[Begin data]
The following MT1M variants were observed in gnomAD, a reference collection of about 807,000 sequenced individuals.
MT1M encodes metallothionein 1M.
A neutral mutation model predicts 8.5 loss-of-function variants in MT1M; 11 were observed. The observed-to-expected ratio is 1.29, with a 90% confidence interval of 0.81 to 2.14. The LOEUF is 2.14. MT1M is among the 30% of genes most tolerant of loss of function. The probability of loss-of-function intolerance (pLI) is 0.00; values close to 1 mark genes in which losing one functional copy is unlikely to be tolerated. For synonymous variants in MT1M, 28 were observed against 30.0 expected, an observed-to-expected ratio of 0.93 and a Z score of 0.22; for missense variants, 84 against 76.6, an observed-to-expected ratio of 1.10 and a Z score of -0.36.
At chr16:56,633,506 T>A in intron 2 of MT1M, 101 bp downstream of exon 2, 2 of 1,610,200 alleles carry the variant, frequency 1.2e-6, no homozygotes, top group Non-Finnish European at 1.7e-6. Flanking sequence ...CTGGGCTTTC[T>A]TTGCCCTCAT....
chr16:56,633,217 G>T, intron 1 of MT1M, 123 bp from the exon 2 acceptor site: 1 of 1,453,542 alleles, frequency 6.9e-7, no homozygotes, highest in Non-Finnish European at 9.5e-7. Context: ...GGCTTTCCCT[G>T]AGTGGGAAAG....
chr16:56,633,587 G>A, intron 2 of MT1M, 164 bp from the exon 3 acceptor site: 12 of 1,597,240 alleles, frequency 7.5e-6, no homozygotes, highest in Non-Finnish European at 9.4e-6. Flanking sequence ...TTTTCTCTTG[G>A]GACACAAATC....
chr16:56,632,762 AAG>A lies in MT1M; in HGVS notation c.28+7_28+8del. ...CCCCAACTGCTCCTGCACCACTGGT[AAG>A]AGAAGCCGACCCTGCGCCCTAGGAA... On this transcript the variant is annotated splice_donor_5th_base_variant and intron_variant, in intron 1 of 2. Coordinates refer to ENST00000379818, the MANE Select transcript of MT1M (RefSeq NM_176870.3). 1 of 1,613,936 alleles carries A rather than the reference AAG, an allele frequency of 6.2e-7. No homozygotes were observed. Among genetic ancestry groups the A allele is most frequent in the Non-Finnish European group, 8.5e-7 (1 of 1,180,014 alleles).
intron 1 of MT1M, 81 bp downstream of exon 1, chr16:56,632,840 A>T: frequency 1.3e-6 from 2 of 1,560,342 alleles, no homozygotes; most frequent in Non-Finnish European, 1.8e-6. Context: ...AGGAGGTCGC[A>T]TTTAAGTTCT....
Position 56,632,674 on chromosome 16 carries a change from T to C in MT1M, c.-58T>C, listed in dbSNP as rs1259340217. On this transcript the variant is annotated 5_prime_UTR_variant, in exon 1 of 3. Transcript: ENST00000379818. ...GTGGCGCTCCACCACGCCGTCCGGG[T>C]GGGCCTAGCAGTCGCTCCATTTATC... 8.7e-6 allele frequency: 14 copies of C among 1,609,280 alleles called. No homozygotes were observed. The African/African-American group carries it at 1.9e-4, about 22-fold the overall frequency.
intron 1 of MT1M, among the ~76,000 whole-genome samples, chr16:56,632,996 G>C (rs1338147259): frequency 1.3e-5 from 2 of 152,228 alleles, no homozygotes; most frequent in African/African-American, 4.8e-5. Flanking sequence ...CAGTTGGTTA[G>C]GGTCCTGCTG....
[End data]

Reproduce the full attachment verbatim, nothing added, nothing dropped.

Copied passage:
The following MT1M variants were observed in gnomAD, a reference collection of about 807,000 sequenced individuals.
MT1M encodes metallothionein 1M.
A neutral mutation model predicts 8.5 loss-of-function variants in MT1M; 11 were observed. The observed-to-expected ratio is 1.29, with a 90% confidence interval of 0.81 to 2.14. The LOEUF is 2.14. MT1M is among the 30% of genes most tolerant of loss of function. The probability of loss-of-function intolerance (pLI) is 0.00; values close to 1 mark genes in which losing one functional copy is unlikely to be tolerated. For synonymous variants in MT1M, 28 were observed against 30.0 expected, an observed-to-expected ratio of 0.93 and a Z score of 0.22; for missense variants, 84 against 76.6, an observed-to-expected ratio of 1.10 and a Z score of -0.36.
At chr16:56,633,506 T>A in intron 2 of MT1M, 101 bp downstream of exon 2, 2 of 1,610,200 alleles carry the variant, frequency 1.2e-6, no homozygotes, top group Non-Finnish European at 1.7e-6. Flanking sequence ...CTGGGCTTTC[T>A]TTGCCCTCAT....
chr16:56,633,217 G>T, intron 1 of MT1M, 123 bp from the exon 2 acceptor site: 1 of 1,453,542 alleles, frequency 6.9e-7, no homozygotes, highest in Non-Finnish European at 9.5e-7. Context: ...GGCTTTCCCT[G>T]AGTGGGAAAG....
chr16:56,633,587 G>A, intron 2 of MT1M, 164 bp from the exon 3 acceptor site: 12 of 1,597,240 alleles, frequency 7.5e-6, no homozygotes, highest in Non-Finnish European at 9.4e-6. Flanking sequence ...TTTTCTCTTG[G>A]GACACAAATC....
chr16:56,632,762 AAG>A lies in MT1M; in HGVS notation c.28+7_28+8del. ...CCCCAACTGCTCCTGCACCACTGGT[AAG>A]AGAAGCCGACCCTGCGCCCTAGGAA... On this transcript the variant is annotated splice_donor_5th_base_variant and intron_variant, in intron 1 of 2. Coordinates refer to ENST00000379818, the MANE Select transcript of MT1M (RefSeq NM_176870.3). 1 of 1,613,936 alleles carries A rather than the reference AAG, an allele frequency of 6.2e-7. No homozygotes were observed. Among genetic ancestry groups the A allele is most frequent in the Non-Finnish European group, 8.5e-7 (1 of 1,180,014 alleles).
intron 1 of MT1M, 81 bp downstream of exon 1, chr16:56,632,840 A>T: frequency 1.3e-6 from 2 of 1,560,342 alleles, no homozygotes; most frequent in Non-Finnish European, 1.8e-6. Context: ...AGGAGGTCGC[A>T]TTTAAGTTCT....
Position 56,632,674 on chromosome 16 carries a change from T to C in MT1M, c.-58T>C, listed in dbSNP as rs1259340217. On this transcript the variant is annotated 5_prime_UTR_variant, in exon 1 of 3. Transcript: ENST00000379818. ...GTGGCGCTCCACCACGCCGTCCGGG[T>C]GGGCCTAGCAGTCGCTCCATTTATC... 8.7e-6 allele frequency: 14 copies of C among 1,609,280 alleles called. No homozygotes were observed. The African/African-American group carries it at 1.9e-4, about 22-fold the overall frequency.
intron 1 of MT1M, among the ~76,000 whole-genome samples, chr16:56,632,996 G>C (rs1338147259): frequency 1.3e-5 from 2 of 152,228 alleles, no homozygotes; most frequent in African/African-American, 4.8e-5. Flanking sequence ...CAGTTGGTTA[G>C]GGTCCTGCTG....